Data users are evaluating the replacement of multispectral data with hyperspectral data. Growth will be seen in the key areas of hyperspectral, SAR (IFSAR), and LIDAR for aircraft, especially as sensor systems evolve that provide low-cost, broad-area coverage. Hyperspectral sensor systems in development will offer automated feature detection, identification and classification. Markets as diverse as defense, precision agriculture and forestry all benefit from change detection technology. The elevation component of remote sensing from IFSAR and LIDAR sensors also provides high growth potential. These systems can provide data to create highly accurate digital elevation models (DEMs) to markets in need of superior geopositioning and terrain information.
Further, issues of high data cost, delays in acquisition, and licensing of data sales may inhibit adoption of these data by users. Continued industry growth will occur only with the implementation of improved technology and government policies that support geospatial research and development in a number of disciplines.
Phase II evaluated the customer’s data needs by undertaking a detailed requirements analysis of “use versus need” as a function of multiple user types. Data characteristics included Ground Sample Distance (GSD), Geopositional accuracy, data layers, elevation accuracy and data timeliness. While all are important to the remote-sensing industry, small GSD and high geopositional accuracy are critical. Neither the needs of the academic data customers nor those of governmental data customers are being met at sufficiently high levels of accuracy.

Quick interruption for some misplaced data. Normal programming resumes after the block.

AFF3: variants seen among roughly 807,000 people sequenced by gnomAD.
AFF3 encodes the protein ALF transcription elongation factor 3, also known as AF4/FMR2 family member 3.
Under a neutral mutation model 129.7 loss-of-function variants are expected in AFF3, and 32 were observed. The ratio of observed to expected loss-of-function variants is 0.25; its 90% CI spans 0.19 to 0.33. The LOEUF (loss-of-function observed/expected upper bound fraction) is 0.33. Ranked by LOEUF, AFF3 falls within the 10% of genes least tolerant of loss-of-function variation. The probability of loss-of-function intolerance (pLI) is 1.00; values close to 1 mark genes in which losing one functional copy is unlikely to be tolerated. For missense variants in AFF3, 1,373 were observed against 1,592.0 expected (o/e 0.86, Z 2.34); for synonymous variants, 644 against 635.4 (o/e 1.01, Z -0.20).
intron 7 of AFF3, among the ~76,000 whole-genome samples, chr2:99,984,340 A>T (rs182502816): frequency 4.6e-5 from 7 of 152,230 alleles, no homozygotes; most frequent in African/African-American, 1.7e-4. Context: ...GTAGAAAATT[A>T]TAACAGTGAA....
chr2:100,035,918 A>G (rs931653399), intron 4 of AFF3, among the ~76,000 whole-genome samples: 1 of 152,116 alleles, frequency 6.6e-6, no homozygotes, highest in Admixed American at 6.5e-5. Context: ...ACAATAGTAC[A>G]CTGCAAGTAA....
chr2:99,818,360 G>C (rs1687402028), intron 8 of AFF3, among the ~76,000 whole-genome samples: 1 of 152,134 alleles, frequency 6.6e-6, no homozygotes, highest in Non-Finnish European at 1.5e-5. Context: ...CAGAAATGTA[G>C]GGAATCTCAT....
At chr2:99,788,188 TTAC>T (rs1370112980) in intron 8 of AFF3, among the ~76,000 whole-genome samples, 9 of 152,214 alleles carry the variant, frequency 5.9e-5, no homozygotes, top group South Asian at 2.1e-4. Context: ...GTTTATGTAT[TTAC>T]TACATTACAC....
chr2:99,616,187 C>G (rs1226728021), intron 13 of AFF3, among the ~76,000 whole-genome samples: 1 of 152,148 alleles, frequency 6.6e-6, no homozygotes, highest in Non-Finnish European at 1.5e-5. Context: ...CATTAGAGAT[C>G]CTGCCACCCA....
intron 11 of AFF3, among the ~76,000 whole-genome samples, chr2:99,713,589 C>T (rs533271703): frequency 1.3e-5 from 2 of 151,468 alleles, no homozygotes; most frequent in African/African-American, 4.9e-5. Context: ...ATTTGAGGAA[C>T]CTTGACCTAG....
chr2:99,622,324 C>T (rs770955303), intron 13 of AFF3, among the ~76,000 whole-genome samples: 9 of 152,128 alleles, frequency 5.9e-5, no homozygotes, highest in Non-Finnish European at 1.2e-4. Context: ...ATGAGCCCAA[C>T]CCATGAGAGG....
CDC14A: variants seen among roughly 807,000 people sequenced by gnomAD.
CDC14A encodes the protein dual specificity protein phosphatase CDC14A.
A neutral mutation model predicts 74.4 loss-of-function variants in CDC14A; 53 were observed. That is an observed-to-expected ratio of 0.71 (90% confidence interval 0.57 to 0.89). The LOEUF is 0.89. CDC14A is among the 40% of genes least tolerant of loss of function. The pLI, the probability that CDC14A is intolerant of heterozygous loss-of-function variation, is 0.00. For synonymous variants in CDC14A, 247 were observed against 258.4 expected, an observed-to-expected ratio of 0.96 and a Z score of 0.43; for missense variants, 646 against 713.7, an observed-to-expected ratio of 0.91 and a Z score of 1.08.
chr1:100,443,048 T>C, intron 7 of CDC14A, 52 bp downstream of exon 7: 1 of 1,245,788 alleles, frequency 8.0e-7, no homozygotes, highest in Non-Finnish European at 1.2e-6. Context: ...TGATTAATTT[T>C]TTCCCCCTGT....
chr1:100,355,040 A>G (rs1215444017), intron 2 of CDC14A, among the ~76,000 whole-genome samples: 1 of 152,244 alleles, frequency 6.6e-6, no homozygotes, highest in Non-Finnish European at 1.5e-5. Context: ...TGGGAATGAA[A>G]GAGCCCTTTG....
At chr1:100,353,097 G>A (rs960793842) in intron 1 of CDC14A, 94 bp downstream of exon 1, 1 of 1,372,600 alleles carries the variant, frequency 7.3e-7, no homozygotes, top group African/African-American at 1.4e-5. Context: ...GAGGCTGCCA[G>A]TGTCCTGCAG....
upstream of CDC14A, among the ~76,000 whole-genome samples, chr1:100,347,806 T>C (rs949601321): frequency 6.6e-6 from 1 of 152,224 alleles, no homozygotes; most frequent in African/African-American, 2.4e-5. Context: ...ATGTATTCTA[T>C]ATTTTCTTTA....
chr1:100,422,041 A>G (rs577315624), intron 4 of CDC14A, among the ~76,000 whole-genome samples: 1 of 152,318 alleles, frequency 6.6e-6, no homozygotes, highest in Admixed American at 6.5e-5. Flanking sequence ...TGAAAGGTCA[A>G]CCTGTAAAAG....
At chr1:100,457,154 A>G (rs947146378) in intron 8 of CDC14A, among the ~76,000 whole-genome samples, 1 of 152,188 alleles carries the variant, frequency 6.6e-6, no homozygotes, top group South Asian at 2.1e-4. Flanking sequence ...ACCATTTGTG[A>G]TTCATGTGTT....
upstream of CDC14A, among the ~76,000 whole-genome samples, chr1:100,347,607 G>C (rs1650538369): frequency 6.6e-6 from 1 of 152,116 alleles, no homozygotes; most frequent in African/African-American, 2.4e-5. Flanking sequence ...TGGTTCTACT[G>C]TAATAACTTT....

Forecast data imply that data users desire resolutions smaller than three feet (0.9 m) (Figure 4). Data sets may be used to assess urban infrastructure or for high-accuracy mapping. Further, they can be used to delineate details in the environmental, forestry and agriculture segments. High-resolution imagery over broad areas requires high levels of data storage, which will require improvements in computer storage capacity and access speed. Geospatial data and information users desire improved geopositional accuracy, signifying market opportunities for firms interested in achieving more stringent geo-positioning. Direct geo-registration techniques have increased data collection firms’ ability to achieve improved positioning, but additional R&D will be required to reduce costs and improve market penetration of high-accuracy techniques.
|Figure 4 - comspatial resolution: comparison of use vs. need|
The remote sensing industry is growing, though supportive government policies will be needed to foster continuing growth. There is a tight linkage among commerce, government and academia in this highly fragmented industry. New technologies, data and sensors from air and space are fostering growth. However, limited workforce availability, as well as inconsistent federal policy on data holdings, technical restrictions and exports, limits industry growth.
Acknowledgements: The authors are deeply indebted to all of the ASPRS volunteers, Ronald Rabin and his staff at Stennis Space Center , Tim Stryker and Katy Vincent at NOAA, and to James Plasker and his staff at the ASPRS in Bethesda , Maryland .
The complete forecast report is available from ASPRS at 301-493-0290 x101. Information is available at www.asprs.org.